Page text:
Texas school system is in crisis, experts say
School districts across Texas are grappling with staff fatigue, overcrowding and discord among their leadership — and they may be at a tipping point, education experts say.
- In Allen, rezoning plans to address overcrowding in some schools have sparked pushback from some parents.
- In the Grapevine-Colleyville school district, the superintendent of 13 years announced his retirement and a trustee alleged she has been the target of a politically motivated "witch hunt."
Why it matters: The discord distracts from an important and necessary conversation around school quality in Texas, David DeMatthews of UT Austin and David S. Knight of the University of Washington write in an op-ed that recently appeared in three Texas newspapers.
- More schools got an A or B than in 2019, indicating progress.
Between the lines: Roughly 560 schools didn't get a rating because they would have received a D or F.
- DeMatthews and Knight write that almost 90% of those schools are in the state's poorest communities. "None is in the most affluent communities," they say.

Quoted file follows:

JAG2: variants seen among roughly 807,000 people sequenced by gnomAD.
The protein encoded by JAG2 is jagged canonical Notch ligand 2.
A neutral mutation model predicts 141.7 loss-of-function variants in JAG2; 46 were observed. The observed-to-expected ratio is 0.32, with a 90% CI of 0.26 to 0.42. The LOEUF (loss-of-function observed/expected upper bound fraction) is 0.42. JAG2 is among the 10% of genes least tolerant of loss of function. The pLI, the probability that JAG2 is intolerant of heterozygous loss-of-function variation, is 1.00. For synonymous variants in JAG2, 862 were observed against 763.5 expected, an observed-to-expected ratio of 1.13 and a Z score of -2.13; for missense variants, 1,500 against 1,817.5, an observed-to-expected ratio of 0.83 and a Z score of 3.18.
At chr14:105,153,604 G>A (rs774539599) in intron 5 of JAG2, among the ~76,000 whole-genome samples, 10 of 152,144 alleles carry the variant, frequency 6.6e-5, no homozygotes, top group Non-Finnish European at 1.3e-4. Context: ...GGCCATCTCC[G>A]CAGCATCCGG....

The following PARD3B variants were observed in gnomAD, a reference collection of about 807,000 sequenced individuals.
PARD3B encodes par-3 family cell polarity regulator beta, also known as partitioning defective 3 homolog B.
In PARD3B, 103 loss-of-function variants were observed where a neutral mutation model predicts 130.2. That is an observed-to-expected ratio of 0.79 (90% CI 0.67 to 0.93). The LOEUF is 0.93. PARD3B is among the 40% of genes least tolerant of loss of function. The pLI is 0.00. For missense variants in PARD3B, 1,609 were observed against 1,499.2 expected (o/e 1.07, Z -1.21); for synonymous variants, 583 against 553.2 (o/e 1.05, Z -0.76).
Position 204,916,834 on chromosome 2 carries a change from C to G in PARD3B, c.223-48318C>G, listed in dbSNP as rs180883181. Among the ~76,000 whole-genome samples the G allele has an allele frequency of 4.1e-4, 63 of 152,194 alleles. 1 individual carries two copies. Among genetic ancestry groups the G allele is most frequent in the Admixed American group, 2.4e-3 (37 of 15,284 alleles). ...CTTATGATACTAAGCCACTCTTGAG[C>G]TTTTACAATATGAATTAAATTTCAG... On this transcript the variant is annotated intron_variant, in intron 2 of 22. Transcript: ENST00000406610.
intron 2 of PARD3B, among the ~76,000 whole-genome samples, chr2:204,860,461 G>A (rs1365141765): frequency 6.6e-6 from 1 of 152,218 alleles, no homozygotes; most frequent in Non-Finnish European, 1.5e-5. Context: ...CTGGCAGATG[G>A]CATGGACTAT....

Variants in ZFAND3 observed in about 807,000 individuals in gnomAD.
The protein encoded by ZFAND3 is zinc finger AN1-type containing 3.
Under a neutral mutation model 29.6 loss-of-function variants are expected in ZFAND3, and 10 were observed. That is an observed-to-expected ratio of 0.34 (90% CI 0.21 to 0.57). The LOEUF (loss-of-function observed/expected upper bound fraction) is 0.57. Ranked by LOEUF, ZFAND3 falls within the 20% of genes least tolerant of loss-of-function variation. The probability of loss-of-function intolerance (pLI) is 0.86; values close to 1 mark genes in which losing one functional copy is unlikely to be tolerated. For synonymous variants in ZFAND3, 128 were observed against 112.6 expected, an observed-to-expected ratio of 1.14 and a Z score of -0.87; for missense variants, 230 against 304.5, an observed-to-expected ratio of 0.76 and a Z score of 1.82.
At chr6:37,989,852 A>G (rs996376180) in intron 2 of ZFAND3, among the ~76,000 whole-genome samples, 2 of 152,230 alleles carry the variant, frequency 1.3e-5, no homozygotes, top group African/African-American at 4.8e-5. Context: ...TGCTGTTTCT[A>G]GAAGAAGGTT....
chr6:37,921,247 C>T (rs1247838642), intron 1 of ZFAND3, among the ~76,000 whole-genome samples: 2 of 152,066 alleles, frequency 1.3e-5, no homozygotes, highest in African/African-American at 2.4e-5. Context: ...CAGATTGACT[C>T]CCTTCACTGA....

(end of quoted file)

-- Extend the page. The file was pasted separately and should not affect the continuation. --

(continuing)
Zoom in: Dallas ISD received a B overall, but 59 of its schools got a C rating, and 22 schools get no rating.
- Highland Park Independent School District got an A rating, and none of its schools got below a B.
The big picture: Gov. Greg Abbott has formed a task force to find solutions to teacher vacancies. Congress is also looking into the problem.
Yes, but: The professors attribute inequities among Texas schools to "policy failures" that have kept the state from adequately funding schools in poorer communities and creating a workforce that can fill every school — not just the more affluent ones — with high-quality teachers.
- Special education and rural schools also need more attention, they say
The bottom line: The education experts say the political focus on critical race theory and LGBTQ bathroom policies have only detracted from the real problems, including teacher retention, school financing and improving special education programs.
What's next: The upcoming elections and 2023 legislative session will be an opportunity to fix education policies, DeMatthews and Knight say.
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